- p.233 - "...and began to understand that Wald's stories were not only spaces to inhabit as real as the house he lived in with his aunt, the house he might have hoped to live in with Clare herself, but they were also keys that opened the library of his memory.".....Sam about the books by Clare he read as a youth......."If he could not actually live with Clare, he could live in the house of her words."
- p.252 - "They are the ones who see all whites as parasites, and they are the analogs to those of the old regime who saw all blacks as terrorists or idles. It may only be a matter of time before the likes of me, and you in particular given the nature f your work, are described as enemies of the state. We are the new sleeper cells, the plotters inn the dark. To dissent now is to commit treason, in a way that could not even have been imagined by the old apartheid government."
- p.258 - "A state of unlimited privacy would inevitably be a state of chaos--a state that could not for long remain a state."
- p.269 - "What safer way to write about the self than from a distorting distance?"...Clare about her memoir
- p.271 - "Life since the death of his parents had felt like a series of corners; a corner of his aunt's small house; a corner of a room or a series of rooms at school and then at university; a corner of an airplane cabin; a corner of his dorm room in New York....Sarah offered more than a corner."...Sam about Sarah
- p.272 - "before coming to New York he had always assumed that Britain was his country's model and frame of reference, but the longer he spent in the city, he realized how wrong he must have been. America felt like his country in different terms,its inverse and possibility, its cultural twin and opposite."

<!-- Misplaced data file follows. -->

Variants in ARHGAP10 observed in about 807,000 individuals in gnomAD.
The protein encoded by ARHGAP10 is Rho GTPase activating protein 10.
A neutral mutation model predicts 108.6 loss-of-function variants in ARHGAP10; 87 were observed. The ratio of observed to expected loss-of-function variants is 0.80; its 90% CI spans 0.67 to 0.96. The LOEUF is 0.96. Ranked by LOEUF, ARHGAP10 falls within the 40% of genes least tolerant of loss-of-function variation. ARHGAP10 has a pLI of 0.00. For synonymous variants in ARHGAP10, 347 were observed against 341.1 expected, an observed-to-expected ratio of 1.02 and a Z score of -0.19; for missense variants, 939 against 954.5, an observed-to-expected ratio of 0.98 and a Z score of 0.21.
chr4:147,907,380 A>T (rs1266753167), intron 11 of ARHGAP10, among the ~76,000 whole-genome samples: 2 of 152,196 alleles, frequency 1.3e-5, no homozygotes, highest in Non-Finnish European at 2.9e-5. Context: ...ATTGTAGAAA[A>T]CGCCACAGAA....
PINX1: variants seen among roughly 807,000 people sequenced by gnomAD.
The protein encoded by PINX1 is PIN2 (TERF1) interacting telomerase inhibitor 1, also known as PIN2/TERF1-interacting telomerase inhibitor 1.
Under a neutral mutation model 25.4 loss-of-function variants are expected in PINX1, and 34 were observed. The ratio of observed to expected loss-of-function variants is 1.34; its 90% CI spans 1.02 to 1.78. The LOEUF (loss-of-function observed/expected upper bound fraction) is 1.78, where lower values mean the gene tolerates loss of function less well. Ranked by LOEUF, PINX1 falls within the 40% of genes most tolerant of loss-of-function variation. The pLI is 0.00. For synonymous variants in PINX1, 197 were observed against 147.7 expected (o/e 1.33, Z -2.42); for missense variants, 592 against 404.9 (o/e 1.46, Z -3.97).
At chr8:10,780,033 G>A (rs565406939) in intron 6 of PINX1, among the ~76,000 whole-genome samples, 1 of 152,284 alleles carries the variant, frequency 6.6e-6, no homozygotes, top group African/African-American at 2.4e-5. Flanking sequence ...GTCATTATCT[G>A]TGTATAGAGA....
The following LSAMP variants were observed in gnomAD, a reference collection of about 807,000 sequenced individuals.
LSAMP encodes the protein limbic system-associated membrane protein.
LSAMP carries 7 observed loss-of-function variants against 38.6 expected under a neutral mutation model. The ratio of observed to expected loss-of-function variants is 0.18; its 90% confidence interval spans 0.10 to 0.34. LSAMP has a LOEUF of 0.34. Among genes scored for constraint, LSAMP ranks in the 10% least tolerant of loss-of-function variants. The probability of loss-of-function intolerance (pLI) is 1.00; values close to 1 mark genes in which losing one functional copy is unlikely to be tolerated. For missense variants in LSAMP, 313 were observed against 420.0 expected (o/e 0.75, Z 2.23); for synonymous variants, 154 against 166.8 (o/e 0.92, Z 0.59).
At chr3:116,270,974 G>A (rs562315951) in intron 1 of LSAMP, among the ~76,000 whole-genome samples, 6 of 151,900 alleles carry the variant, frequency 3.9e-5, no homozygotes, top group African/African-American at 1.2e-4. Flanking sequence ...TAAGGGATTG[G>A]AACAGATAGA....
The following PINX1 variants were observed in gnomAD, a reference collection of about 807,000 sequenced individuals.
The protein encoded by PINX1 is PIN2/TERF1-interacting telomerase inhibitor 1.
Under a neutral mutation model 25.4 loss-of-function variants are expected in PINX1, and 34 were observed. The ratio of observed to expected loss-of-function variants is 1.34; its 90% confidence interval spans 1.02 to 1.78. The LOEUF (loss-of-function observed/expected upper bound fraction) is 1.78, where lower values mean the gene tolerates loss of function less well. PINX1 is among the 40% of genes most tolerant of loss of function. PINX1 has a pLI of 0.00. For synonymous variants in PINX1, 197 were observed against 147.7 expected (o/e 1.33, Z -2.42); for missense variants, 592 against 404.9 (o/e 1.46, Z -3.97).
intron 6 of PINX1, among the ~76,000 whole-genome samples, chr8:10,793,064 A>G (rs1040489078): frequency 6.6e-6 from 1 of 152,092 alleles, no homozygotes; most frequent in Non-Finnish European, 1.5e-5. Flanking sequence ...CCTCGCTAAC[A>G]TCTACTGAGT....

- p.281 - "Simply, the case is this: investing oneself in the institution of family is always about the partial annihilation of self."
- p.293 - "I think about provocation. Was it possible for a white woman of privileged background , who could only be a beneficiary of this country's unjust system, to feel provoked into attack or provoked into aiding and abetting an attack?"
- p.294 - "I look at what our democratic country has become, at the way civic violence has been forged as its currency and coat of arms, and I wonder whether nonviolent civil disobedience, notwithstanding the sluggishness of its progress might have been the better way to win liberation. India achieved it thus; it may be an unequal society, but one can walk its streets for the most part without fear."...Clare